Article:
Spielberg used a high percentage of practical effects in this movie and not as much CGI as we see in today's movies. This is heavily apparent in the scenes with the poisonous dylophosaurus and the T-Rex attack. Nothing has ever been more terrifying than the scene where the T-Rex originally escapes her paddock and roars her first roar. That sound she makes is synonymous now with dinosaurs and is endlessly recognizable by anybody who's even barely seen the movie. It's incredible how it still remains relevant and scary today. Using practical effects, Spielberg brought a realness and reality to this movie that other directors may not have been able to grasp within a plot that talks about genetically engineered dinos. 

Just check out how scary this scene is and how realistic it looks. If you watch the T-Rex, you can even see individual muscle groups moving and his eyes shifting. That's something not well-enough appreciated about this movie. They got as close to a real dinosaur as you possibly could at the time (and perhaps even now):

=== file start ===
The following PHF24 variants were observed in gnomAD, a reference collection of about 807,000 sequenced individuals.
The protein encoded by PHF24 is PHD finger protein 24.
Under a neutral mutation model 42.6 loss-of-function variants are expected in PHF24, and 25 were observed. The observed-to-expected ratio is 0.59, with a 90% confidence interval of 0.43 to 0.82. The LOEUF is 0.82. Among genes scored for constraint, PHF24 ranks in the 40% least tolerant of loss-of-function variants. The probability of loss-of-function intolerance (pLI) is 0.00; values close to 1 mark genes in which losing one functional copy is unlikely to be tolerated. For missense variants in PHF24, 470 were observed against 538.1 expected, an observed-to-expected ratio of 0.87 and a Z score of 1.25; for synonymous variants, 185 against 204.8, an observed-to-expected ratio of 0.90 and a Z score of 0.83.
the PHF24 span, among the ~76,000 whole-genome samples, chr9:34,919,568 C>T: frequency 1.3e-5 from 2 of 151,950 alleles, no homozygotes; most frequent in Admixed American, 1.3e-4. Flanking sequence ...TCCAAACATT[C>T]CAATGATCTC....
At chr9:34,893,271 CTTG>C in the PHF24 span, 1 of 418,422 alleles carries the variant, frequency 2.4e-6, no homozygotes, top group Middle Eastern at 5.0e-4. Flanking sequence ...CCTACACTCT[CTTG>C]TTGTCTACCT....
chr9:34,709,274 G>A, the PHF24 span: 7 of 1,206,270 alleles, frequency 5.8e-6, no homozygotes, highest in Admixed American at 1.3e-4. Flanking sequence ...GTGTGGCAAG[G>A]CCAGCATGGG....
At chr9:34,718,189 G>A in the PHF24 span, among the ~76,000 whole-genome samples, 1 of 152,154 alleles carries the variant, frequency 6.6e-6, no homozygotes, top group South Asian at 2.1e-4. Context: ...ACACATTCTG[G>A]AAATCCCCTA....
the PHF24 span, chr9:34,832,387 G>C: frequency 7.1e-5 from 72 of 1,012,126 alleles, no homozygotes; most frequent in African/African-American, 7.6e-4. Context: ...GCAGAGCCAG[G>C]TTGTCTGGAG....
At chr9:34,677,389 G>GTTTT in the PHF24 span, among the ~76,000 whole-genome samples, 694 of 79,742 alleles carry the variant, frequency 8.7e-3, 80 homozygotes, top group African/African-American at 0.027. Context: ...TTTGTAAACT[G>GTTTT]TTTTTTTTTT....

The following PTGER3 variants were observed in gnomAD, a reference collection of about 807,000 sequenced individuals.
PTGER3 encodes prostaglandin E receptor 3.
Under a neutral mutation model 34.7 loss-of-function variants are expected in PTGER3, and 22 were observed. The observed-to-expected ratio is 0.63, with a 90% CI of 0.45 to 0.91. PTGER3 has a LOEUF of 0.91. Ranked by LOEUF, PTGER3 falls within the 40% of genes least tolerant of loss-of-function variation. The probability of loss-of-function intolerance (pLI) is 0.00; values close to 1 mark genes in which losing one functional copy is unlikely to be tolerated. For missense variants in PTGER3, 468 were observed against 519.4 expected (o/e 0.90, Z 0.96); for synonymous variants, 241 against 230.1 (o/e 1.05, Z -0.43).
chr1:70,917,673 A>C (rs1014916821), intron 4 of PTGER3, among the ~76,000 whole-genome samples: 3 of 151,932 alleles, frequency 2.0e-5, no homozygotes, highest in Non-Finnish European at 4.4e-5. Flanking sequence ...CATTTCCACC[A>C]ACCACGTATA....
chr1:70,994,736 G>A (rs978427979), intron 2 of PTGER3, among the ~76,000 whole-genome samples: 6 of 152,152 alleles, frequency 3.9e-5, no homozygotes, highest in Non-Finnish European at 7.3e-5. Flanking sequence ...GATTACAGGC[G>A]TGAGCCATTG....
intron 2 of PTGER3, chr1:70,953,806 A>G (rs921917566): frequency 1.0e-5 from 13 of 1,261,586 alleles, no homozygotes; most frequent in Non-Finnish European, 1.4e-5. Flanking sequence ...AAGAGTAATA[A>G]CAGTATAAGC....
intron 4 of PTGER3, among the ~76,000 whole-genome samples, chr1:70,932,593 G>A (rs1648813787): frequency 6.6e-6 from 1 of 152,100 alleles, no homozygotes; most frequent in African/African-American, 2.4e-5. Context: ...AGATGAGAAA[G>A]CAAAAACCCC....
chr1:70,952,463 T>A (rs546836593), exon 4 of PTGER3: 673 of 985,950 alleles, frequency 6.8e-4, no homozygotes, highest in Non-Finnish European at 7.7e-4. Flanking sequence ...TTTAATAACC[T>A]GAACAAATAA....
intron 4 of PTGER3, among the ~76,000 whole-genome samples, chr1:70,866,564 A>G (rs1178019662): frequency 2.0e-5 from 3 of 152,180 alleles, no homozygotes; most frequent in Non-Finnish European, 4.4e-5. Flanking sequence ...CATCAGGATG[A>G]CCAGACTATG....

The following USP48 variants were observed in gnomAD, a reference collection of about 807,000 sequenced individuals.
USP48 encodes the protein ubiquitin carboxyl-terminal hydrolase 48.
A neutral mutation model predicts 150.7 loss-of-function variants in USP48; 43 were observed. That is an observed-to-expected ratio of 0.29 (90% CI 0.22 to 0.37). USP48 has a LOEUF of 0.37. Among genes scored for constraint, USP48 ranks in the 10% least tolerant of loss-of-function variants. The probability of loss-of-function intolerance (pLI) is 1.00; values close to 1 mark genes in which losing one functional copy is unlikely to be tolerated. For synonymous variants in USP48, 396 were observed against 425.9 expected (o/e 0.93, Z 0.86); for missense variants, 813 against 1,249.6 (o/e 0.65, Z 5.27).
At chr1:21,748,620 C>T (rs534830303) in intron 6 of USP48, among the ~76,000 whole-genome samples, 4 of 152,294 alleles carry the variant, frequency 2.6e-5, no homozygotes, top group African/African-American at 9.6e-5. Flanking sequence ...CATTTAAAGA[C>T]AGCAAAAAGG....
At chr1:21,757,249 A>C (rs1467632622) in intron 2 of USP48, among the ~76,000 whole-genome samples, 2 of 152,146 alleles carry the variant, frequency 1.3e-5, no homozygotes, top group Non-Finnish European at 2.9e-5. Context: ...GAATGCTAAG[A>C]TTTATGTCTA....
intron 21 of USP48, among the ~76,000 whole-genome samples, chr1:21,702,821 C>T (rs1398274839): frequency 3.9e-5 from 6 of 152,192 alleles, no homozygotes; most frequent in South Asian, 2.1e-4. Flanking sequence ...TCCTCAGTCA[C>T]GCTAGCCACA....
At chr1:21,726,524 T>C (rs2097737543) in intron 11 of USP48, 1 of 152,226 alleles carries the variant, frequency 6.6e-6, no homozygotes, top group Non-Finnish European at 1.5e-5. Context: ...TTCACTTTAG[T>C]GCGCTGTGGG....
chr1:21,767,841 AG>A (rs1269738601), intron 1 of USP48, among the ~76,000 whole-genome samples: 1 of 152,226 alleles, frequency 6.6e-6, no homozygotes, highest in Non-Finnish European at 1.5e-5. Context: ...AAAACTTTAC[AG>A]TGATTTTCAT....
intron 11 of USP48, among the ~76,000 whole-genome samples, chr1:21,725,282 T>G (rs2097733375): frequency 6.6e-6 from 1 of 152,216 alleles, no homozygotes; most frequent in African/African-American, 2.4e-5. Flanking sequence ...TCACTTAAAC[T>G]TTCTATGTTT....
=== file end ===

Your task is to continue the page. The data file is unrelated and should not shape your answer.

I don't know about you, dear reader, but I have goosebumps. If I could chose who I died, I would feel privileged and honored to be eaten by a Tyrannosaurus Rex. 

Besides the brilliant use of practical effects, Jurassic Park does an incredible job of bringing depth to a movie that had no business having any sort of depth. Because it's based on a brilliant novel by Michael Crichton, the creators were able to utilize some of the interesting themes written about by Crichton: man playing God, the ethics of creating life, man vs. nature, etc. These themes crop-up throughout the movie and are represented in brilliant ways.